Getting back into running has been about as you'd expect. There are lots of WTF moments, but also those moments where I start to see a glimmer of my old self and can't help but smirk. There are times Brian, coach and friends get texts where they need to talk me off a ledge and times where I think they assume I'm vying for the 2020 Olympics because I'm so amped up and excited. For an admittedly very grey person (I rarely see things in black and white, this is a post for another day), I can be very all or nothing when it comes to my running. So, the last few weeks have been spent trying to find my grey area. That's where the balance is, where life and running coincide but neither dominates. This is something that has become so important to me the last few years, I don't want running to be my everything but I don't want it to be nothing either.
Finding my grey area has been going well though-but certainly have had my slip ups (Probably a few too many Shandy's). One thing that really helped me was going to Salty Running Camp in Ohio a few weeks ago. I have had the pleasure of getting to know these women and getting to spend a weekend with them running, eating, drinking and OH SO MUCH LAUGHING was just what the doctor ordered. Each person truly brings something different to the table, and each person reminded me in some way of all the good things in running and life. I am already looking forward to next years camp, you really should join us- I promise we will keep you entertained.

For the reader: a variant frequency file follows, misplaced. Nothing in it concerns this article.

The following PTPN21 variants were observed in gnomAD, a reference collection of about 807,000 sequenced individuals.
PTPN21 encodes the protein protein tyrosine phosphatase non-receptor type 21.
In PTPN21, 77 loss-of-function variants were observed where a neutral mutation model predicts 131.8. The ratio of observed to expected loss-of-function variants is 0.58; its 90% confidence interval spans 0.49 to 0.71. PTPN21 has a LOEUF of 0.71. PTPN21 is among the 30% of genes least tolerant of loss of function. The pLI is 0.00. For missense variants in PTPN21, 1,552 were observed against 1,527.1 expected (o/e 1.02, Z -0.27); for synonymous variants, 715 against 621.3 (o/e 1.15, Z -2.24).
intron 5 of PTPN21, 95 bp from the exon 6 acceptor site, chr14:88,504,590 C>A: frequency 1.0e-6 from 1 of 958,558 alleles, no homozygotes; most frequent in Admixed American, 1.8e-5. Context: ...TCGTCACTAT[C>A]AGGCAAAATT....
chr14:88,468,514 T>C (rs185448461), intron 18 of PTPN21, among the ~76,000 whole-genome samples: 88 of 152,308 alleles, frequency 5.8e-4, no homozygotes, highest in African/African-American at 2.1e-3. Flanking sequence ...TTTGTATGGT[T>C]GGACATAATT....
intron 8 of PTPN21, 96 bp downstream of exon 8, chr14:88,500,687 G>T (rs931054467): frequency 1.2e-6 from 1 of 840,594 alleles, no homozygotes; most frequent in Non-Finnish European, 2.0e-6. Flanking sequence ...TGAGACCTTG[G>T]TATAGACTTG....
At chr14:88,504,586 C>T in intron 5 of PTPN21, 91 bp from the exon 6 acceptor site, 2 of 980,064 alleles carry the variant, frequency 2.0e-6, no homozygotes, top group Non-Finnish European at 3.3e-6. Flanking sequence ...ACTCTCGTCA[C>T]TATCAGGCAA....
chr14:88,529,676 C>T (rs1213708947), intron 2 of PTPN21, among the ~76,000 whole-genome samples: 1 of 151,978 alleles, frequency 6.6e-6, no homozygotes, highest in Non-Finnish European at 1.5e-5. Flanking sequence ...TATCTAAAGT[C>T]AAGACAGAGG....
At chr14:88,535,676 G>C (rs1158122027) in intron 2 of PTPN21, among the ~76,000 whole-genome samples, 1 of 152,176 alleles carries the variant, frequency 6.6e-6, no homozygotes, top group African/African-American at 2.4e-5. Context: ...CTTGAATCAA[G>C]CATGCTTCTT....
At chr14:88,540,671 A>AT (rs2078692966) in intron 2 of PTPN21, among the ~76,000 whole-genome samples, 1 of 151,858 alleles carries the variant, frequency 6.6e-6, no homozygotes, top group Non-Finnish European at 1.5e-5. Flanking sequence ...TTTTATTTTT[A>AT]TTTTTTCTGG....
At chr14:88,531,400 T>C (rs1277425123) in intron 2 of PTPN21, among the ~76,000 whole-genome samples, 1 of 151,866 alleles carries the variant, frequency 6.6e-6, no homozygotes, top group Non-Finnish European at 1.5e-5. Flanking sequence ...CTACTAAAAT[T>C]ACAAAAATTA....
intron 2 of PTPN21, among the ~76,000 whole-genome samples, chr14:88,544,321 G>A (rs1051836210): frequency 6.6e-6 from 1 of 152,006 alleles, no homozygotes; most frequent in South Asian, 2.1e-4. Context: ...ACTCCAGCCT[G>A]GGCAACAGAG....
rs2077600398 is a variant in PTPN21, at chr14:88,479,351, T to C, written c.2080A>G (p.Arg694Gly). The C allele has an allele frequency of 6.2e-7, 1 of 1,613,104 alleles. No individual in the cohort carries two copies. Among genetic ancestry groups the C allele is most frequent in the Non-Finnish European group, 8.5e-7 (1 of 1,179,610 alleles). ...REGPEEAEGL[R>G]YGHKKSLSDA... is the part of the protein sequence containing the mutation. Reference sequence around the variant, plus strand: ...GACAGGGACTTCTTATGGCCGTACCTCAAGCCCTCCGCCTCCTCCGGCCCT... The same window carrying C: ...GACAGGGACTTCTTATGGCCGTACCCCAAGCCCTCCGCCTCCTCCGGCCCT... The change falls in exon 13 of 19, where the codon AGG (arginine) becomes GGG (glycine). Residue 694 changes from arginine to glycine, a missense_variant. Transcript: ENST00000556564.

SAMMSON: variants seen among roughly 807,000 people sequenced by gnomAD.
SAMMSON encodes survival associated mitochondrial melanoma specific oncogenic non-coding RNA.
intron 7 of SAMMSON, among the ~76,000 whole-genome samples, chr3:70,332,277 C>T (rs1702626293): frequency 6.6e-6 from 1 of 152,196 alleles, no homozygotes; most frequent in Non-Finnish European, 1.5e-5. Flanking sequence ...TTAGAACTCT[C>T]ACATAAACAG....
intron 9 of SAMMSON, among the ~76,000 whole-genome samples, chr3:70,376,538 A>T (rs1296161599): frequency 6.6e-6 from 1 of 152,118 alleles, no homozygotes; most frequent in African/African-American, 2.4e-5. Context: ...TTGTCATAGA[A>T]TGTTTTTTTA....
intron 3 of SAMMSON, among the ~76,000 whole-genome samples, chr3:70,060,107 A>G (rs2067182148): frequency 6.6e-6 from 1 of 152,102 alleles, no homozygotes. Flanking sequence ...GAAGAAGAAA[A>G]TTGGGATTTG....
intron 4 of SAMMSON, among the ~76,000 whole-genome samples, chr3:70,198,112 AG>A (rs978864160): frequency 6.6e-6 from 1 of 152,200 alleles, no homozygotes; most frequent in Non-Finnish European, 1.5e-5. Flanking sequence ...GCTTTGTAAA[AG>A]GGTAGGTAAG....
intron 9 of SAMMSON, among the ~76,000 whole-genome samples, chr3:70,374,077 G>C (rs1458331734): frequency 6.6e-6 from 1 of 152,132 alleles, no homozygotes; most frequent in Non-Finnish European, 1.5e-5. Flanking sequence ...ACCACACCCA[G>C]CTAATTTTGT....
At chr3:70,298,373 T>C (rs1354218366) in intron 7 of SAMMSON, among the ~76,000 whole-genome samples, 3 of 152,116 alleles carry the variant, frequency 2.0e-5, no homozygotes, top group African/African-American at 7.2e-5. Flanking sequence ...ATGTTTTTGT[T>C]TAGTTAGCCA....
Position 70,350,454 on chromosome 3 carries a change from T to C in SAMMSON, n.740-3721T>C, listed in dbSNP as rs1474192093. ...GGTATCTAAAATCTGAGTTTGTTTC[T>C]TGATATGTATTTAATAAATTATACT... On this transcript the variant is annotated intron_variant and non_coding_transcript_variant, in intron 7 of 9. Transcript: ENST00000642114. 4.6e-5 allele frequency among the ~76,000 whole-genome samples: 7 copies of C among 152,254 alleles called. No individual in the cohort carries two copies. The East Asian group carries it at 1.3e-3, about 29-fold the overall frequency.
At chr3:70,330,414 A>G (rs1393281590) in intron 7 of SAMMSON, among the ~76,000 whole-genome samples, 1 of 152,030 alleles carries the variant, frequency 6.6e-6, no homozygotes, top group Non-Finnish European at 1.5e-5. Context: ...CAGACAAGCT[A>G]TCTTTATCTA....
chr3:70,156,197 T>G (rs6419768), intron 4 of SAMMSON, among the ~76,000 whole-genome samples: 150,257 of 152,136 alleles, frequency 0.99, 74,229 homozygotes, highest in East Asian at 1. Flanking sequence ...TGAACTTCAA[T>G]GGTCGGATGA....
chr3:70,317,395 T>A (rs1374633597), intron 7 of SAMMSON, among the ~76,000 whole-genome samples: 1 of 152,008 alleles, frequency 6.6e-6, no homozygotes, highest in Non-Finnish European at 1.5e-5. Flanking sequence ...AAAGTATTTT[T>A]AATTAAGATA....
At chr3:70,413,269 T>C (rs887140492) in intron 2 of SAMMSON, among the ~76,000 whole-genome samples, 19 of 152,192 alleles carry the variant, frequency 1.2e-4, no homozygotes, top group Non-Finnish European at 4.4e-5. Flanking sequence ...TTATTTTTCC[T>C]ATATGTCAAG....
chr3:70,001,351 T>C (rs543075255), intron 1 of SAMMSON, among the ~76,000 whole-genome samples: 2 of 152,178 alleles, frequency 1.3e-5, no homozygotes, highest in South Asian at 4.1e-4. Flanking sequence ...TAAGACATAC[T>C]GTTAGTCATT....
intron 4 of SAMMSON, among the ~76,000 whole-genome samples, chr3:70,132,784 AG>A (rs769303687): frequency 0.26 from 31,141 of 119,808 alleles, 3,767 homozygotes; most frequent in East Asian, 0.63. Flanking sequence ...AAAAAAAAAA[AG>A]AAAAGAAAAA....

|Salty Camp Shenanagins!|
Emotionally, I just have my moments- like anything. Some things trigger me to feel all the feels- and I have to do my best not to let it drag me down. I'm not avoiding feeling things, but I'm also not allowing them to consume me.
There is one thing I knew was going to present a challenge to me; pinning on a bib again. The last time I did that, I was 5 weeks pregnant on the starting line of one of the most iconic races...talk about feeling all the feels. Dramatic? Maybe, but doesn't change that it's how I feel.
When we decided I would start running again I knew that there would be some races I didn't want to miss. Bergen 5k was one of those races- unfortunately that is also a race that comes with a lot of pressure. It's our local chapter of USATF championship 5k event with a fast field and PR course. Admittedly, having that be the first bib I pin on since Boston scared the crap out of me(especially since I am nowhere near my competitive or PR shape). I wanted to use it as a time trial to see where I am at but worried the emotions would overshadow the race for me and hold me back. <-----This is me taking myself far too seriously.